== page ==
A week ago, a crisis hit the family of Shahed Alam's best friend -- there was no donor available to donate blood for his pal's cancer-stricken father. After unsuccessfully knocking the doors of blood banks across the city for two days, Shahed finally decided to harness the power of social media on Saturday, but to no avail.
"I have been trying hard to arrange blood for my friend's father -- a cancer patient admitted to Mohakhali Cancer Hospital -- since last week. But finding donors is turning out to be a Herculean task amid the nationwide lockdown. Due to strict movement restrictions and the fear of Covid, blood donors are just not stepping out of their homes," he told UNB.
Yes, the Covid-19 lockdown has severely affected the movements of donors across the country, triggering a massive shortage of blood. Most blood banks in the capital as well as other parts of Bangladesh are running short of life-saving blood.
"Blood donors are just reluctant to come out these days. And those who do are often subjected to grilling at police check posts across the city. This is because the Good Samaritans don't possess the mandatory movement passes, and convincing the sentry at a police check post is also a time-consuming affair," said another city resident.
Bangladesh's annual demand for blood is around 8 lakh units. About 25% of the nation's annual blood requirement come from voluntary donation, 20–25% from paid donors, and 50–55% from one-time donation for a particular patient. But the country has seen a drastic fall in both voluntary and direct blood donations in recent weeks.
The decline in blood donations has triggered a chain reaction -- plasma collection has been hit hard. Plasma is the liquid portion of blood that contains antibodies. Many countries have already allowed the use of plasma therapy to treat severely ill Covid patients. The therapy involves the use of plasma of recovered Covid patients as a potential treatment.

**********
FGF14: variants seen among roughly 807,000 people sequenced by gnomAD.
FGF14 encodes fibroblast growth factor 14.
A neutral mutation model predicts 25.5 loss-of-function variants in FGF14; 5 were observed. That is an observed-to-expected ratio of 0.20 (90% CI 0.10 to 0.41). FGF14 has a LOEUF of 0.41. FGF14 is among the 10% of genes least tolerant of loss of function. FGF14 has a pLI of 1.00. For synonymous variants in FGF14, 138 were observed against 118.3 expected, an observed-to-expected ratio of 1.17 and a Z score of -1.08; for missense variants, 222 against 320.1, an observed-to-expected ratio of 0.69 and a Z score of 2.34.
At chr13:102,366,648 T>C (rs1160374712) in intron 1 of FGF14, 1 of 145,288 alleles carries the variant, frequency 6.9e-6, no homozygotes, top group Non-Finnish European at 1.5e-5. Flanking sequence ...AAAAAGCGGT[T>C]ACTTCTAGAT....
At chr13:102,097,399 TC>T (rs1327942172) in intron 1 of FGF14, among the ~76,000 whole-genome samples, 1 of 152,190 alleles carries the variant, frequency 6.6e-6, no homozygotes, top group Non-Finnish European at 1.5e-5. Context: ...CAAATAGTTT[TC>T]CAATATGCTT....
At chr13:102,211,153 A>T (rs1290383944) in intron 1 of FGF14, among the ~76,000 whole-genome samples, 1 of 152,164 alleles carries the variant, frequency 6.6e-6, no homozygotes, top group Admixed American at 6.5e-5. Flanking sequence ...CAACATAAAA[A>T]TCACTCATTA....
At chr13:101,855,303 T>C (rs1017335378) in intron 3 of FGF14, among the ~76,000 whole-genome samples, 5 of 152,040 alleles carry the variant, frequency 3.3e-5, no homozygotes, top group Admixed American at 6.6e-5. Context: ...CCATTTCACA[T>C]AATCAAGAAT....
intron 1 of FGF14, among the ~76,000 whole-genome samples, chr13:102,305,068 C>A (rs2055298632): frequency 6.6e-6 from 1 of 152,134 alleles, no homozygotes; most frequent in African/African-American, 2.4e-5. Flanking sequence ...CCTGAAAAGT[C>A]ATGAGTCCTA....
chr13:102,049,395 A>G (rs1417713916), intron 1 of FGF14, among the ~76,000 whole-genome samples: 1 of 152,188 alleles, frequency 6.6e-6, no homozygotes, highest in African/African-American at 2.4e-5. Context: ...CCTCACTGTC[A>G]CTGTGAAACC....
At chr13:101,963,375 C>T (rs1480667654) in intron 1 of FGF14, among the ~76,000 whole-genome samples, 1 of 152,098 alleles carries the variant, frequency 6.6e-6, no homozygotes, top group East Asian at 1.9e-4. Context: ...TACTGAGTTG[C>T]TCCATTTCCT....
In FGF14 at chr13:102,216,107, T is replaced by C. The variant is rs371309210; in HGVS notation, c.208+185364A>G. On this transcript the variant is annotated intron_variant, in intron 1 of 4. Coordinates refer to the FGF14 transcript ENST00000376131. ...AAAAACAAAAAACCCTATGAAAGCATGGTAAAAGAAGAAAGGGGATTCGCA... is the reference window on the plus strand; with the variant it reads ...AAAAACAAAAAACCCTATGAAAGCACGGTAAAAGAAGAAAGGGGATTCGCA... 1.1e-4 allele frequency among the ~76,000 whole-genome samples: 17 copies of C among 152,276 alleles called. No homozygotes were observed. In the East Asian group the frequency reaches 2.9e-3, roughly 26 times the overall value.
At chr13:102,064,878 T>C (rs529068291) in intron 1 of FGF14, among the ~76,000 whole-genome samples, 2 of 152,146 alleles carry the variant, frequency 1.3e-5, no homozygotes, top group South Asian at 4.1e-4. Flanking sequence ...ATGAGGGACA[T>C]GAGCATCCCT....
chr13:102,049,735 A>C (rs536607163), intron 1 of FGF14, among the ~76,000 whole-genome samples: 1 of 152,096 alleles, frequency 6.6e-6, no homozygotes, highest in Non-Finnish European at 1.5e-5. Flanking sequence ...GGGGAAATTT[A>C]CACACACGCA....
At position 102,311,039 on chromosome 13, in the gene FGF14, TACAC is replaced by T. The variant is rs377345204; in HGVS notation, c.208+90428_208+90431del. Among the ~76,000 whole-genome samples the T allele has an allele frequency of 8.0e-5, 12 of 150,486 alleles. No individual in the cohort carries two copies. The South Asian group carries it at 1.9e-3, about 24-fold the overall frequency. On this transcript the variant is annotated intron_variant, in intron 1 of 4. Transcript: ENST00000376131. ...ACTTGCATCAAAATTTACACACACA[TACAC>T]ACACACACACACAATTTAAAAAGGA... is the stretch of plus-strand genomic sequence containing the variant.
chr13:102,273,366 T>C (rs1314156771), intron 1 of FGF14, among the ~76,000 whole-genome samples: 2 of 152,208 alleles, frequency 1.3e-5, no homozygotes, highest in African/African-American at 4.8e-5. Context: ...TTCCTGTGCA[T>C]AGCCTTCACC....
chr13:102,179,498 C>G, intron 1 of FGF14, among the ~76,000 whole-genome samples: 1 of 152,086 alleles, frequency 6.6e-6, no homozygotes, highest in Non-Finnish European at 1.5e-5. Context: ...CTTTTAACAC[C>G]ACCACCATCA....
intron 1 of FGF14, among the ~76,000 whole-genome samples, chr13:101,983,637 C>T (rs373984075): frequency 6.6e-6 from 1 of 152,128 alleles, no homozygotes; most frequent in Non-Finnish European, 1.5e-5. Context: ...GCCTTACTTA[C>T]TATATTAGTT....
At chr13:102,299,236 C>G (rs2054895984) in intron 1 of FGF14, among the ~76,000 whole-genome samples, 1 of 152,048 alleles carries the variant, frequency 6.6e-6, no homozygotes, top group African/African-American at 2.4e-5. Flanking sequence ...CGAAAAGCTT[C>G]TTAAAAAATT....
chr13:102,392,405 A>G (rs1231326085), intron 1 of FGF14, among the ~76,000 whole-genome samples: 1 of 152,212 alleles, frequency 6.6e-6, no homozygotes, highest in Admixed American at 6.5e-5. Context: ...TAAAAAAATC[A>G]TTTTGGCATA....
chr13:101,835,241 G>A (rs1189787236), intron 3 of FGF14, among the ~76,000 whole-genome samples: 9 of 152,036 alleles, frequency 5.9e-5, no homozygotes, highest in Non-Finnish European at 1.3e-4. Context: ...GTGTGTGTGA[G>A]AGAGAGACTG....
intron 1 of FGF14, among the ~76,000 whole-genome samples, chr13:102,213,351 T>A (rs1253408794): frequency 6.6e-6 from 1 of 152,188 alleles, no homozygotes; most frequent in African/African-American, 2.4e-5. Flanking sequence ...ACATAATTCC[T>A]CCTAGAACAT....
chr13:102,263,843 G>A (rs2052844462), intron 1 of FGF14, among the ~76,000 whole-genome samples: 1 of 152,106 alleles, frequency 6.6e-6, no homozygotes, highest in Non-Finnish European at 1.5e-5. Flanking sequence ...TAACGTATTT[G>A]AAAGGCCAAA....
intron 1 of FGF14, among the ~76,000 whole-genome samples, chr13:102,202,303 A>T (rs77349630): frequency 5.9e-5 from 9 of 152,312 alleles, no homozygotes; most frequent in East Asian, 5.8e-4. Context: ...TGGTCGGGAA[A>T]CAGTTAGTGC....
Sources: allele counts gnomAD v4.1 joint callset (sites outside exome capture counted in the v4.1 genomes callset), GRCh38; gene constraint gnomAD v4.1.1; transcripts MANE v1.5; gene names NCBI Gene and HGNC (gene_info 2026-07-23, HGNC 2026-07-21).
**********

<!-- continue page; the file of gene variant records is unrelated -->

Apart from several social organisations, students are also involved in blood donation activity in Bangladesh. But students say that they too are not allowed to move freely due to the strict lockdown restrictions across the country.
Badhon Dhaka University zone president Farid Uddin told UNB that the pandemic had throttled their regular blood donation activities.
"We are, however, trying to function these days. We have prepared a list of former blood donors and our friends, and university seniors and current students who reside in Dhaka, and communicate with them on phone to arrange blood. We also use Facebook groups such as 'Blood fighter Bangladesh' to arrange the essential liquid," he said.
"But we are facing some practical difficulties too -- some blood donors are unwilling to go to hospitals to donate blood fearing the coronavirus infection," he added.
Badhon DU zone secretary Onupom Serker Supta echoed similar sentiments. "No academic activity has been going on since March last year and almost all students have now left Dhaka. Due to Covid-19 and lockdown, donors are reluctant to go to hospitals but we trying our level best to convince them."
A regular donor, Rakibur Rahman, said he would not risk visiting a hospital during the pandemic. "Moreover, movement is a hassle in the country these days. Police don't consider our service as part of essential activities and convincing them is a challenge," he said.
Some social organisations have urged the government to consider blood donors as part of essential services.
Bangladesh Blood Donation Welfare Foundation's organisational secretary MD Mithon Miah said that they were finding it really hard to arrange blood due to Covid. "The lockdown has compounded the problem. It's high time the government considered the blood donors part of essential services," he said.